to still the enemy and the avenger.

When I look at your heavens, the work of your fingers,
    the moon and the stars, which you have set in place,
what is man that you are mindful of him,
    and the son of man that you care for him? [ESV]


In the history of human exploration and thought about the physical universe and its relationship to God, has humanity accepted this revelation of the physical universe (aka General Revelation) as pointing to God the Creator?  The Apostle Paul makes this poignant observation in Romans 1:18-23:


18 For the wrath of God is revealed from heaven against all ungodliness and unrighteousness of men, who by their unrighteousness suppress the truth. 19 For what can be known about God is plain to them, because God has shown it to them. 20 For his invisible attributes, namely, his eternal power and divine nature, have been clearly perceived, ever since the creation of the world, in the things that have been made. So they are without excuse. 21 For although they knew God, they did not honor him as God or give thanks to him, but they became futile in their thinking, and their foolish hearts were darkened. 22 Claiming to be wise, they became fools, 23 and exchanged the glory of the immortal God for images resembling mortal man and birds and animals and creeping things. [ESV]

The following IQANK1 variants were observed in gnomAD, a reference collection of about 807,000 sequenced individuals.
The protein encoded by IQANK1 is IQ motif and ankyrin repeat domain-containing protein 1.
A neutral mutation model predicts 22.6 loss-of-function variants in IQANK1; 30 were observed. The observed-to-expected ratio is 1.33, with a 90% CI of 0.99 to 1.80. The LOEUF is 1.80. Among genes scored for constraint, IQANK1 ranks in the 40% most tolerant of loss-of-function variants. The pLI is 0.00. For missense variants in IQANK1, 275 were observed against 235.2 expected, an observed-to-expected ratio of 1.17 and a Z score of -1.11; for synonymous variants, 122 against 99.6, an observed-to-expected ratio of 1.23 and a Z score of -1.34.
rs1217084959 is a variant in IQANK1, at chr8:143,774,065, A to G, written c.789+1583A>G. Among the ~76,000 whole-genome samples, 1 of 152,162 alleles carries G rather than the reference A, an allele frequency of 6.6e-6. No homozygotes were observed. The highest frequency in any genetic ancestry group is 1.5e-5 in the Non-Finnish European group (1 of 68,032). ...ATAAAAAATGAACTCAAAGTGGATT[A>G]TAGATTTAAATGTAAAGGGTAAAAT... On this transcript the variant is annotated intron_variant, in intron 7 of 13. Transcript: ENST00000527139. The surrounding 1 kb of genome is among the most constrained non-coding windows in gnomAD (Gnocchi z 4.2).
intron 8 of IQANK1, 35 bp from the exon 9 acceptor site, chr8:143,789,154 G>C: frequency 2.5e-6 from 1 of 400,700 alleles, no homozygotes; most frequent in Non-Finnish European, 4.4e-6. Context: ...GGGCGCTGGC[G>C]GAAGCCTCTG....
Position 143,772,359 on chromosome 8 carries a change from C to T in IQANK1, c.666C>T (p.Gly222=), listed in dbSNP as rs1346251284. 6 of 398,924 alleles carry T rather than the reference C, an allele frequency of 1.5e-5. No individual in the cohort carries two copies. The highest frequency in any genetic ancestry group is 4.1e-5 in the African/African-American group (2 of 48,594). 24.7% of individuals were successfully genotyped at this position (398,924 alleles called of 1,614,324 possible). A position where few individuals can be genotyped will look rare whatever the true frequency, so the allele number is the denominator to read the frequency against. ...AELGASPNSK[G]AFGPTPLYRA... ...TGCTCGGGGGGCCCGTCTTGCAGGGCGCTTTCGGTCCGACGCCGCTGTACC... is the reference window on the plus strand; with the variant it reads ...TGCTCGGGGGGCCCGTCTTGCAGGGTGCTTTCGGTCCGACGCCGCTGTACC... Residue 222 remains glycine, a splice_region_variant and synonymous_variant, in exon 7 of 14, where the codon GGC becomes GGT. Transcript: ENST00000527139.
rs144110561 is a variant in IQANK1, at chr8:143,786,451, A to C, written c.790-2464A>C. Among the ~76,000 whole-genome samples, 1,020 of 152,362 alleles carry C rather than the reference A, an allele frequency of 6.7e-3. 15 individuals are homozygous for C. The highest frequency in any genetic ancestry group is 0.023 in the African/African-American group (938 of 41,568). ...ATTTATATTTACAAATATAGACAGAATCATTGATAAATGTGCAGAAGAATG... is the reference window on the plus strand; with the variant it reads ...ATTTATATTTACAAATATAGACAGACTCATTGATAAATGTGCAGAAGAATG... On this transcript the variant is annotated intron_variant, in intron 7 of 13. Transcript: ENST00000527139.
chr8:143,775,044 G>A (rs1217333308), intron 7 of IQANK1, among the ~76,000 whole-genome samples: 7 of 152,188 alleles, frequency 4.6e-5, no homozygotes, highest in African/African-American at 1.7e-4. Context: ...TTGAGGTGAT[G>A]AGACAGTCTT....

How then has modern science explained the physical universe in terms of its origin and its expansion?  According to William E. Carroll, Professor of History at Cornell College, the account given by contemporary cosmology of the origins of the universe goes something like this:  “The reigning theory among scientists today is that we live in the aftermath, or rather in the midst, of a giant explosion that began about fifteen billion years ago. Most cosmologists refer to the Big Bang as a ‘singularity,’ that is, an ultimate boundary or edge, a ‘state of infinite density’ where space-time has ceased. Thus it represents an outer limit of what we can know about the universe since it is not possible to speculate, at least in the natural sciences, about conditions before or beyond the categories of space and time . . . The contention of the new theories is that the laws of physics are sufficient to account for the origin and existence of the universe. If this be true, then, in a sense, we live in a self-creating universe that has sprung into existence spontaneously from a cosmic nothingness. Or, in [Stephen] Hawking’s analysis, since the question of a beginning of the universe becomes meaningless, there is no role for a creator. As Quentin Smith, a philosopher of science, observes, if Big Bang cosmology is true ‘our universe exists without explanation . . . . It exists non-necessarily, improbably, and causelessly. It exists for absolutely no reason at all.’  In such a self-sufficient universe, exhaustively understood in terms of the laws of physics, it would seem that there is no room for God . . .  The advances of modern science threaten to render traditional doctrines of creation and its Creator as intellectual artifacts from a less enlightened age. Perhaps the God of traditional theology is but a hypothesis now shown to be unnecessary.”